Author Topic: Starlink : Satellite Spotting  (Read 45983 times)

Offline OxCartMark

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Starlink : Satellite Spotting
« on: 12/23/2018 05:58 pm »
For links to other Starlink discussion threads, launch threads, and FCC filings take a look at the Starlink Index Thread



As I write this we've had the first set of 60 Starlink satellites launched and they're in a dramatic train formation.  As is usual postings about ground observations of those satellites is in the discussion thread for the launch that put them there.  But this isn't a usual satellite launch as there are 60 observable satellites and there will be numerous additional ~60 satellite launches.  It will quickly get awkward to have to determine what launch the Starlink satellites you observe went up on so you can post in the right launch discussion thread.  So here is a new thread to be the central discussion point for all observations of flying Starlinks; TLEs, predicted sighting times and locations, missing satellites, re-entries, re-positioning, sighting reports, photographic images etc.

edit/gongora: This post was really written on May 26, 2019 but I'm fudging things a bit to allow other posts to be merged in here.
« Last Edit: 01/21/2020 10:49 pm by gongora »
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Offline ChrisC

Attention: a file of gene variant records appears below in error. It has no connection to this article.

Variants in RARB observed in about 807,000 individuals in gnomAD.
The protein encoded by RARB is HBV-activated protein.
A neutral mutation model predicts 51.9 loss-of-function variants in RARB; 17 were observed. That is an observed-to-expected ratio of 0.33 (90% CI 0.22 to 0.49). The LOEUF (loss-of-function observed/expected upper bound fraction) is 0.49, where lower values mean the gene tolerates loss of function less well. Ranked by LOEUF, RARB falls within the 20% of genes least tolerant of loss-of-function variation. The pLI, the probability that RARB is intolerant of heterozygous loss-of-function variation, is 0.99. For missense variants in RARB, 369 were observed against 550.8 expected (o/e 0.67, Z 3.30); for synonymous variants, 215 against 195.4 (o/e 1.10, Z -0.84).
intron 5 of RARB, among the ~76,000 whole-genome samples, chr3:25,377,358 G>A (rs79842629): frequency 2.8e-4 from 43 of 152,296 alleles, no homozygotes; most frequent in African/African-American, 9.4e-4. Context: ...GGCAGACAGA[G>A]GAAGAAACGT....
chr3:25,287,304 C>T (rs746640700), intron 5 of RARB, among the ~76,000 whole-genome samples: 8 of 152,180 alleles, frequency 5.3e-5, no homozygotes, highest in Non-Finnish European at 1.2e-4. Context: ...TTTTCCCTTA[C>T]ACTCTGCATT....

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Re: Starlink : Satellite Spotting
« Reply #1 on: 05/25/2019 02:48 pm »
Flight Club
@flightclubio

You can import and plot TLEs in Flight Club without being a Patron! Get out and spot #Starlink tonight in just over 30 minutes!

TLE here: http://www.satobs.org/seesat/May-2019/0193.html
Copy+paste it into here: https://www2.flightclub.io/dashboard

Revised TLE from Marco Langbroek

http://www.satobs.org/seesat/May-2019/0228.html

Quote
STARLINK TRAIN
1 70002U 19999A   19144.94244262 0.00000000  00000-0  00000+0 0    00
2 70002  53.2862 172.0411 0001500  47.9022 312.2115 15.45905383    01

I tried this and the results aren't really making any sense to me.  The earth isn't rotating under the Starlink plane, and the orbit seems to jump around every couple days.  (I realize that they will change orbits over time, but this single TLE won't reflect that, since it's just a single orbit definition.)
« Last Edit: 05/25/2019 02:50 pm by ChrisC »
PSA #1: EST does NOT mean "Eastern Time".  Use "Eastern" or "ET" instead, all year round, and avoid this common error.  Google "EST vs EDT".
PSA #2: It's and its: know the difference and quietly impress grammar pedants.  Google "angry flower its" .

Offline Semmel

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Re: Starlink : Satellite Spotting
« Reply #2 on: 05/25/2019 07:59 pm »
Flight Club
@flightclubio

You can import and plot TLEs in Flight Club without being a Patron! Get out and spot #Starlink tonight in just over 30 minutes!

TLE here: http://www.satobs.org/seesat/May-2019/0193.html
Copy+paste it into here: https://www2.flightclub.io/dashboard

Revised TLE from Marco Langbroek

http://www.satobs.org/seesat/May-2019/0228.html

Quote
STARLINK TRAIN
1 70002U 19999A   19144.94244262 0.00000000  00000-0  00000+0 0    00